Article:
The DLI situation is only one of several recent cases in which people received costly military education and training, only to announce their homosexuality and leave. It is long past time for Secretary of Defense Donald Rumsfeld to eliminate such policies, which are costing the services valuable time and money. The following actions, for example, would serve the national interest by reducing confusion and personnel costs:
1. ELIMINATE CLINTON’S "DON’T ASK, DON’T TELL" REGULATIONS President Bush has a constitutional responsibility to enforce the 1993 statute that excludes homosexuals from the military. He has no obligation to retain or enforce the Bill Clinton’s problematic "don’t ask, don’t tell" regulations, which are inconsistent with the law. For purposes of clarity, the Clinton regulations must be dropped without further delay.
2. REINSTATE THE "QUESTION" ON INDUCTION FORMS Restoration of the routine question about homosexuality would help to improve understanding and enforcement of the law. The absence of such a question suggests that the armed forces are willing to assume the risk that some inductees will be less than truthful. This is a risk that is not worth taking. Secretary Rumsfeld should exercise his authority to restore routine inquiries about homosexuality, together with questions about medical conditions and other factors that affect deployability.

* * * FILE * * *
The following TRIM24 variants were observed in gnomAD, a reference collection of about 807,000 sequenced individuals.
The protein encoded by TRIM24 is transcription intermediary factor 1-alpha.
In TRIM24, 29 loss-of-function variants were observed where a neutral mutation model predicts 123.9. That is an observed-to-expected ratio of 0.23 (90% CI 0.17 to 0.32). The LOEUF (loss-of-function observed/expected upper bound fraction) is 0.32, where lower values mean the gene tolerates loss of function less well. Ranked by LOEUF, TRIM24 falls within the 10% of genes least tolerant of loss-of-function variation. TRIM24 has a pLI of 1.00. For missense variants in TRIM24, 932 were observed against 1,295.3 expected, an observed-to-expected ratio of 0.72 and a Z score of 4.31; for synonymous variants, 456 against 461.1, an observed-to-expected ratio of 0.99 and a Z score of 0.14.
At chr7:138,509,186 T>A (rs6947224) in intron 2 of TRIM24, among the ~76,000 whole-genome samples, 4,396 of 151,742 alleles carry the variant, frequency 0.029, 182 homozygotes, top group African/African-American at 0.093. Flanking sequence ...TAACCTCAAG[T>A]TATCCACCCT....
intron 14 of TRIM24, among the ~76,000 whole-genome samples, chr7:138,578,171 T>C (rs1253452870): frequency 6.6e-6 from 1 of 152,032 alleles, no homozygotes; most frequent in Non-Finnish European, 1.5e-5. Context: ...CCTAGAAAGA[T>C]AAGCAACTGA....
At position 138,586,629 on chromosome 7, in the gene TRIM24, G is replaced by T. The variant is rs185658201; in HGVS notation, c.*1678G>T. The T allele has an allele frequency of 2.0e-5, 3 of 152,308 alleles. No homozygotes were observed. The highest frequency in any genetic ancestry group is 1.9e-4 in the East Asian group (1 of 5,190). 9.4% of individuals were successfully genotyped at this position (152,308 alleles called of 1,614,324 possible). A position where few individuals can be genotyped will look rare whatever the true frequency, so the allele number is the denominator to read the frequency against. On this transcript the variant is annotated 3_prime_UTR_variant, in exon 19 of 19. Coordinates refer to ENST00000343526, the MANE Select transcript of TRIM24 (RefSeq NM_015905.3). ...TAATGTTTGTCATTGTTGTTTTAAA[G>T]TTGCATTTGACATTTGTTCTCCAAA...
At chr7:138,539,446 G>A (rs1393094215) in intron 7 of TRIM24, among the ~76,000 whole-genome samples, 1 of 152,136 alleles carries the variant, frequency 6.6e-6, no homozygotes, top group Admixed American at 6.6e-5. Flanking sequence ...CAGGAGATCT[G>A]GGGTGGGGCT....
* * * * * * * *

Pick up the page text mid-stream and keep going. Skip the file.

3. PROVIDE ACCURATE INFORMATION Unlike the SLDN website, which is full of misleading advice to homosexuals interested in the military, the Defense Department must provide accurate information on the law and congressional intent, and scrap all training materials that promote Clinton-era fictions. The worst example is a 30-page Army comic book, titled "Dignity and Respect," which promotes Clinton's "don’t ask, don’t tell" policy but fails to provide accurate information about the 1993 law. (See Mar. CMR Notes)
Assistant Secretary of Defense for Force Management Charles Abell recently assured CMR President Elaine Donnelly that the Army comic book is being phased out. That is good news, but still not enough. The Defense Department also should issue new training materials that include the actual text of the 1993 law and the concise House and Senate Reports that accompanied it.
4. IMPROVE RECRUITING STRATEGIES To meet the need for skilled linguists, the services should step up efforts to recruit qualified candidates, and to direct special appeals to patriotic young people who want to fight terrorism. The perception that the Defense Language Institute is "gay friendly" could have a negative effect on recruiting.
The Bush Administration has done an excellent job enforcing the Solomon Amendment, a 1996 measure sponsored by the late Congressman Gerald Solomon and supported by CMR, which requires schools and colleges to provide fair access for military recruiters and ROTC units on campus. This makes far more sense than the Army’s co-sponsorship of Ad Council advertisements designed to appeal to single mothers and former junior delinquents. (See www.operationgraduation.com)
Gay activists and their allies in the media are trying to wrap their radical agenda in the flag of "national security" and "military necessity." This should fool no one who supports the armed forces. The Department of Defense has a critical need for expert linguists and translators who are eligible to serve, not men or women who are not. In the interests of national security, social engineering must be brought to an end.